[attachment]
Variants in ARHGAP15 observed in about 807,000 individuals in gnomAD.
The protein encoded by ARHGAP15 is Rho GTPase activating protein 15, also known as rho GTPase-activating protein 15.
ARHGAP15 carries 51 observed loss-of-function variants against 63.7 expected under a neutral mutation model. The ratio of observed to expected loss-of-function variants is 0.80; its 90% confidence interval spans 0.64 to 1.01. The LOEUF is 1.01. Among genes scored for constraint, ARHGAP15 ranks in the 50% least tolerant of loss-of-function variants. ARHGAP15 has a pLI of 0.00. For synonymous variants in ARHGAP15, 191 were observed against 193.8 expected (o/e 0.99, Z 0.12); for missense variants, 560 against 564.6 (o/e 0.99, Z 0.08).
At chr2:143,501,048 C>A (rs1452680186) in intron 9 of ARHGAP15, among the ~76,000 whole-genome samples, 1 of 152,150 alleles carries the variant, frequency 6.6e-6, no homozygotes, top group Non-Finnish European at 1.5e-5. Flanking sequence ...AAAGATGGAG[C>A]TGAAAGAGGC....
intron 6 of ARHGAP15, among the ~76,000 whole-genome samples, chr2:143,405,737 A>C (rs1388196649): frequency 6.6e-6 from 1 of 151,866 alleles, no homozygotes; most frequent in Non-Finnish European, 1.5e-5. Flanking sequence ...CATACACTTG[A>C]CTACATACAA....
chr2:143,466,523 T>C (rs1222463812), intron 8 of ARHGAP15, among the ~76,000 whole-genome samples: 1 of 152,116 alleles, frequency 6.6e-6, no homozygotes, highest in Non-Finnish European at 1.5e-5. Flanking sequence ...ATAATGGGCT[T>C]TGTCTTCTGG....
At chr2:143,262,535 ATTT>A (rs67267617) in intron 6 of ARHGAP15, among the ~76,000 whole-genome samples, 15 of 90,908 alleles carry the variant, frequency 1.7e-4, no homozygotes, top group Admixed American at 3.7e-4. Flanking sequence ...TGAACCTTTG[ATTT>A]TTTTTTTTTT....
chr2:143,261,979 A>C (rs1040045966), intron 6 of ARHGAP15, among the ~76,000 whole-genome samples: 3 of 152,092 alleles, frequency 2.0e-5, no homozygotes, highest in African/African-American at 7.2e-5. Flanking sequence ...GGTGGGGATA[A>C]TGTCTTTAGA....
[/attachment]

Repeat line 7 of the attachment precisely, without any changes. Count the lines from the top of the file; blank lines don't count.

At chr2:143,262,535 ATTT>A (rs67267617) in intron 6 of ARHGAP15, among the ~76,000 whole-genome samples, 15 of 90,908 alleles carry the variant, frequency 1.7e-4, no homozygotes, top group Admixed American at 3.7e-4. Flanking sequence ...TGAACCTTTG[ATTT>A]TTTTTTTTTT....